Performance characterization of electrohydrodynamic propulsion devices
Massachusetts Institute of Technology. Dept. of Aeronautics and Astronautics.
Steven R.H. Barrett.
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Partially ionized fluids can gain net momentum under an electric field, as charged particles undergo momentum-transfer collisions with neutral molecules in a phenomenon termed an ionic wind. Electrohydrodynamic thrusters generate thrust by using two or more electrodes to ionize the ambient fluid and create an electric field. In this thesis, electrohydrodynamic thrusters of single- and dual-stage configurations were tested. Single-stage thrusters refer to a geometry employing one emitter electrode, an air gap of length d, and a collector electrode with large radius of curvature relative to the emitter. Dual-stage thrusters add a collinear intermediate electrode in between the emitter and collector. Single-stage thruster performance was shown to exhibit trends in agreement with the one-dimensional theory under both positive and negative DC excitations. Increasing the gap length requires a higher voltage for thrust onset, generates less thrust per input voltage, generates more thrust per input current, and most importantly generates more thrust per input power. A thrust-to-power ratio as high as 68.43 mN/W was obtained for a d = 21 cm thruster. Dual-stage thrusters were shown to be more effective than its single-stage counterpart of equal total gap length at producing current, leading to a smaller total voltage necessary for producing equal thrust. However, losses involving ion collection at the intermediate electrode led to reduced thrust-per-power compared to the single-stage of equal length. A factor was defined in order to characterize these losses, and the theoretical dependence of thrust-to-power on was experimentally confirmed. A nondimensional quality term was derived, allowing for comparisons between the measured thrust-to-power values and the theoretical predictions.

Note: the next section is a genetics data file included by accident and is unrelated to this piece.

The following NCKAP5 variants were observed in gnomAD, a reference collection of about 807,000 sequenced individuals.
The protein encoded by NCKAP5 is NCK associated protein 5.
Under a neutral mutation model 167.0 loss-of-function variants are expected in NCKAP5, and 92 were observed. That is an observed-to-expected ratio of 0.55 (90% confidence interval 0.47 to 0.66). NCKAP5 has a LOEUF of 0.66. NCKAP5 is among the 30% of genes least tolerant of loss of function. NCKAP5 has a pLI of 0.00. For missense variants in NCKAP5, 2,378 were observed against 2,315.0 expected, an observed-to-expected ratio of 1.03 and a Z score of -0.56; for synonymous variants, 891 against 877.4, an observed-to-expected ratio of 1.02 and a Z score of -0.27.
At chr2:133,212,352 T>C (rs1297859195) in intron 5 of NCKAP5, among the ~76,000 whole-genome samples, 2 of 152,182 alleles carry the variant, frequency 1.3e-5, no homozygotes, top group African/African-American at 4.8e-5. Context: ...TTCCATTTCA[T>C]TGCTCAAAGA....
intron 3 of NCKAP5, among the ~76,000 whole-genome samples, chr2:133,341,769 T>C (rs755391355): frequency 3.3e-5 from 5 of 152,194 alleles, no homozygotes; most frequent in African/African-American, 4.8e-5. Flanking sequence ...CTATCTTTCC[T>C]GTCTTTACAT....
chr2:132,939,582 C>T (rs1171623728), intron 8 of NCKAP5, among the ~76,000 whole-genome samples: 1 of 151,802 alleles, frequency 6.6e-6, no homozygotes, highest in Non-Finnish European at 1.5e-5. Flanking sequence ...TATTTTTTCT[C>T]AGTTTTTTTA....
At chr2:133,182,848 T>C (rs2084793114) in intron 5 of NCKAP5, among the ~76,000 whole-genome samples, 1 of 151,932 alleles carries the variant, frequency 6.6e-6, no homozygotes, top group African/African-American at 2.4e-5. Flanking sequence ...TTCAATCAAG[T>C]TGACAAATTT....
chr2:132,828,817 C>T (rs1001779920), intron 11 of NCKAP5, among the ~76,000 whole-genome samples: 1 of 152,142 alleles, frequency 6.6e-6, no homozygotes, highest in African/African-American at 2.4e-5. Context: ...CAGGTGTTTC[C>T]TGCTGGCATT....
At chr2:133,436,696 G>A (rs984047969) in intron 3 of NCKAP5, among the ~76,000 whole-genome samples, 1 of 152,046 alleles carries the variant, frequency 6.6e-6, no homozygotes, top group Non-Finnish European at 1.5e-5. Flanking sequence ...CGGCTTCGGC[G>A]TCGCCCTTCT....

Thesis (S.M.)--Massachusetts Institute of Technology, Dept. of Aeronautics and Astronautics, 2012.Cataloged from department-submitted PDF version of thesis. This electronic version was submitted and approved by the author's academic department as part of an electronic thesis pilot project. The certified thesis is available in the Institute Archives and Special Collections.Includes bibliographical references (p. 103-105).
DepartmentMassachusetts Institute of Technology. Dept. of Aeronautics and Astronautics.
Massachusetts Institute of Technology
Aeronautics and Astronautics.